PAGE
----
Maritime Zones: Internal Waters

Internal waters are generally defined in relation to the territorial sea as the waters inside the inner limit of the territorial sea.

But internal waters can exist without a territorial sea, and a territorial sea can exist without internal waters. So, internal waters include littoral areas such as ports, rivers, channels, bays, lakes, and other marine spaces landward of the baseline.

Speaking about the limits of the territorial sea, as claims handlers, what might be interesting to know about internal waters?

?States have the same sovereign jurisdiction over these waters as they do over other territory. The subsoil and the aerial space below and above those areas belong to it.

? The normal baseline for measuring the breadth of the territorial sea is the low-water line along the coast as marked on large-scale charts officially recognized by the Coastal State. [UNCLOS Article 5 ].

Importance of baselines:
✅Fundamental to maritime claims
✅Define outer limits of internal waters
✅Starting point for claiming maritime zones
✅Provide basepoints for generation of limits of national maritime claims and maritime boundary negotiations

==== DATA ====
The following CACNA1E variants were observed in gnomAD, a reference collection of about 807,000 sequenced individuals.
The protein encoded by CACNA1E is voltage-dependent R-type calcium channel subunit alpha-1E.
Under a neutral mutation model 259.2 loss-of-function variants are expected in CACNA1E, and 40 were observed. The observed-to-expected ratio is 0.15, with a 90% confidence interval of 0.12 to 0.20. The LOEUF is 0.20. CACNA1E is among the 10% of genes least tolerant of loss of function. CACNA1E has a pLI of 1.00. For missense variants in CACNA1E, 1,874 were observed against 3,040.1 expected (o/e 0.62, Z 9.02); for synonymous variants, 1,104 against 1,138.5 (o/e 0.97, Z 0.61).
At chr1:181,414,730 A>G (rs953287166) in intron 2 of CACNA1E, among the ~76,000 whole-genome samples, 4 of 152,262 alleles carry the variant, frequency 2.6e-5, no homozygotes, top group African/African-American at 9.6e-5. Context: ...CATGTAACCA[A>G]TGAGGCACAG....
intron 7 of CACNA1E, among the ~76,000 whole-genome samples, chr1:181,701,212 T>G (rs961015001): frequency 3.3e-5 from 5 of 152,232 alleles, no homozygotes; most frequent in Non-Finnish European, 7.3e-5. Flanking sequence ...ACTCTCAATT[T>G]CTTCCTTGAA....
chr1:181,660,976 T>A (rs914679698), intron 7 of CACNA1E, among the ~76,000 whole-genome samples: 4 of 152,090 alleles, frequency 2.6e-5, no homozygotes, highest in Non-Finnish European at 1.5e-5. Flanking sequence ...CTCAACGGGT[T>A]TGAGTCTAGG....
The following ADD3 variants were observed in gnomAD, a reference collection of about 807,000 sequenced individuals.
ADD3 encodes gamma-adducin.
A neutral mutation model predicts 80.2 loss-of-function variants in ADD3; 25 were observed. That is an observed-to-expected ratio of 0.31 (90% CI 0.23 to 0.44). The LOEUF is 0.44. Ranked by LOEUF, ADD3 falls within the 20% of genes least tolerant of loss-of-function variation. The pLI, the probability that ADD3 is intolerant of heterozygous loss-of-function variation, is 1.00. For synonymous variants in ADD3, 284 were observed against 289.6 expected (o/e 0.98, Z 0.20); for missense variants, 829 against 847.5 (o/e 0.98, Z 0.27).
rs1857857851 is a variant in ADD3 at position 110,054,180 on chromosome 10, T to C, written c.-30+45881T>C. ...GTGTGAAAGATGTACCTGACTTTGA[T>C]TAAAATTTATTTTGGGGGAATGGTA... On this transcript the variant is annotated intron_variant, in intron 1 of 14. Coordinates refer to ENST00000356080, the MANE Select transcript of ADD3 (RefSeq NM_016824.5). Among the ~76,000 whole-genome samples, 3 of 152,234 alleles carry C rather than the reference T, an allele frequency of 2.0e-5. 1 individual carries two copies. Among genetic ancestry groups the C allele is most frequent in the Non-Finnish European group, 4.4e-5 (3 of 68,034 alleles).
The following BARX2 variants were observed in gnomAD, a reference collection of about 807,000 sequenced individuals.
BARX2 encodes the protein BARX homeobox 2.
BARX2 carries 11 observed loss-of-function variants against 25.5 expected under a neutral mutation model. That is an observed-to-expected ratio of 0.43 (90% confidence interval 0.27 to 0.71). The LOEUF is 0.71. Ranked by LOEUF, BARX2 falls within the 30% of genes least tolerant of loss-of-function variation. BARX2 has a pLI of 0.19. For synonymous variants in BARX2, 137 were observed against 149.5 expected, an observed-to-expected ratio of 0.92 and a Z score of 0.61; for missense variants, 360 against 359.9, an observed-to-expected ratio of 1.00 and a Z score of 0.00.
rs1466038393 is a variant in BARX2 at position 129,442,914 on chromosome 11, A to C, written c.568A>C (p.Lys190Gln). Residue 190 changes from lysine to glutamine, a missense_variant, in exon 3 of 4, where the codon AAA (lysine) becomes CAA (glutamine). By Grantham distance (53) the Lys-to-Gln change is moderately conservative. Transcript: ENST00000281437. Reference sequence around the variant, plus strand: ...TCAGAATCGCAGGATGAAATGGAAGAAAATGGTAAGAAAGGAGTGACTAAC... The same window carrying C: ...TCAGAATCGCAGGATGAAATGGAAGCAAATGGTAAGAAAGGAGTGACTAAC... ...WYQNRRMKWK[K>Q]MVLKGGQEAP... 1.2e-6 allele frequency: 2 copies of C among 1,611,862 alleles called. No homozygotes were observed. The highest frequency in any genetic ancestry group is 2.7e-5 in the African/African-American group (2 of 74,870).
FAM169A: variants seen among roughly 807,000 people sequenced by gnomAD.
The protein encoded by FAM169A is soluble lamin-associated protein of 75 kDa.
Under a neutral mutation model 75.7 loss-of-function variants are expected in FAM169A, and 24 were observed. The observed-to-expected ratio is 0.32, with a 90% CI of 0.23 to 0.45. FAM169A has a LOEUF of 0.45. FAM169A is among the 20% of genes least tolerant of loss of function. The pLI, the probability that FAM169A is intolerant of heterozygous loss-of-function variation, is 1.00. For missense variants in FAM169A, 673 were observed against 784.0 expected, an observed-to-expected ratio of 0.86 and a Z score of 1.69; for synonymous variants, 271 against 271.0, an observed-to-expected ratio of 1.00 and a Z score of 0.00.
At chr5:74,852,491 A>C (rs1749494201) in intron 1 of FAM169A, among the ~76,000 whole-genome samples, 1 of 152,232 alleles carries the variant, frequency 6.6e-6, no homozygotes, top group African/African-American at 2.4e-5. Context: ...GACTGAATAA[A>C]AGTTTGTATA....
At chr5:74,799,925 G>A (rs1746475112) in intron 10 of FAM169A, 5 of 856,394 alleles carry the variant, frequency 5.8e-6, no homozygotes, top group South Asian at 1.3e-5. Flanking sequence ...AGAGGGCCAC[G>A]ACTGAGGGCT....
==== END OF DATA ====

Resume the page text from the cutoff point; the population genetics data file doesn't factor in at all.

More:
? Ships entering internal waters must conform with the rules and regulations of the Coastal or Port State (Port State Control). The Coastal State may exclude foreign flag vessels from its internal waters subject to the right of entry of vessels in distress. The right of innocent passage does not apply in internal waters. The entrance for purposes of commerce, navigation or even fisheries is subject to bilateral agreement with the Coastal State.

? For the purpose of delimiting the territorial sea, and in accordance with the Convention, ” the outermost permanent harbour works which form an integral part of the harbour system are regarded as forming part of the coast” (UNCLOS Article 11), which allows them to be used as support points for the effects of drawing the baselines straight.

? Important areas of internal waters such as navigable rivers have often, however, been subjected to special regimes, eg the international rivers regime as well as the Kiel Canal, the Suez Canal and the Panama Canal.

? All “archipelagic waters” within the outermost islands of an archipelagic state such as Indonesia or the Philippines are also considered internal waters, and are treated the same with the exception that innocent passage through them must be allowed. However, archipelagic states may limit innocent passage to designated sea lanes within these waters.